The Archives Center is making a significant contribution to the Sousa Archives and Center for American Music’s Sousa and His League of Players: America’s Music and the Golden Age of Baseball exhibition, marking the 100th anniversary of the Sousa Band’s World Tour.  With 11 baseball cards (including Ty Cobb’s) and several examples of illustrated sheet music (including Oh! You Babe Ruth and Stars of the National Game music), this exhibition will be the core of the University’s 2010 American Music Month Celebration.

From the NATIONAL MUSEUM OF THE AMERICAN INDIAN:

In an unexpected request, the Museum has loaned a 19th-century Sioux flute and hide scraper from the Dakota Territory to the National Museum of American Jewish History.  What’s the connection?  When NMAJH opens its brand new building on Independence Mall this November, part of the history it will tell is the western expansion of Jewish Americans, and the kinds of peoples and objects they encountered along the way.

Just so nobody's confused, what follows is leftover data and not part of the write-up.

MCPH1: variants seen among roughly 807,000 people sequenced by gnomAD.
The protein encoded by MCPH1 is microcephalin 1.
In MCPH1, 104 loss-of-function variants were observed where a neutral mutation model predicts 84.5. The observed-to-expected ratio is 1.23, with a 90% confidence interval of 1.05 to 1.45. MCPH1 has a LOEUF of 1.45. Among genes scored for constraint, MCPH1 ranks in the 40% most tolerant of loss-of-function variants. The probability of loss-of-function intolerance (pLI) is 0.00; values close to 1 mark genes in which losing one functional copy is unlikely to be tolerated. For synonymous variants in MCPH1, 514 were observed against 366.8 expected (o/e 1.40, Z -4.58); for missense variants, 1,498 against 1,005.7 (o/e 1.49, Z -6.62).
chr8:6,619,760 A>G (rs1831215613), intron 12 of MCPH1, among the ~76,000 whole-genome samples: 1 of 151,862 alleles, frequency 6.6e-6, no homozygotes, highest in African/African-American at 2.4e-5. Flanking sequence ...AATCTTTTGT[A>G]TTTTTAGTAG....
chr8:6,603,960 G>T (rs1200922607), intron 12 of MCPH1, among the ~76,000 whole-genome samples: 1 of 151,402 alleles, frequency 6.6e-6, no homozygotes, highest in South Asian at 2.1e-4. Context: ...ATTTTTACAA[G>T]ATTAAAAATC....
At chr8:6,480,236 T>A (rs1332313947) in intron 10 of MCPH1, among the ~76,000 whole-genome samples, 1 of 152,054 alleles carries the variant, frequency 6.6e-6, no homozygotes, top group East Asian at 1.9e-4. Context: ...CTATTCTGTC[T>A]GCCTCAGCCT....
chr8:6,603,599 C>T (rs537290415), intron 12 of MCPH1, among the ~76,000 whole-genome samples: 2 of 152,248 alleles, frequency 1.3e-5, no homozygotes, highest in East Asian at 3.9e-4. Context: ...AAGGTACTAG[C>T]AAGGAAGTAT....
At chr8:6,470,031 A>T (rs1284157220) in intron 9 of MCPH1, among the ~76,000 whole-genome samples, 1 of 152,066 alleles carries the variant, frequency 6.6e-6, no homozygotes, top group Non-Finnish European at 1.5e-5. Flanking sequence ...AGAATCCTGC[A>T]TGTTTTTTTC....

And from the MUSEUM CONSERVATION INSTITUTE:

Within the Emperor's Garden - on view at Flushing Town Hall

MCI’s extraordinary object, the Ten Thousand Springs Pavilion, made its way between two Affiliates this fall, from Texas to Flushing, New York.  Flushing Town Hall is located in one of New York City’s largest Asian communities, a perfect context for this 1:5 scale model replica from the Imperial Garden in the Forbidden City in Bejing.  Read more about the deinstallation and NYC installation of this object.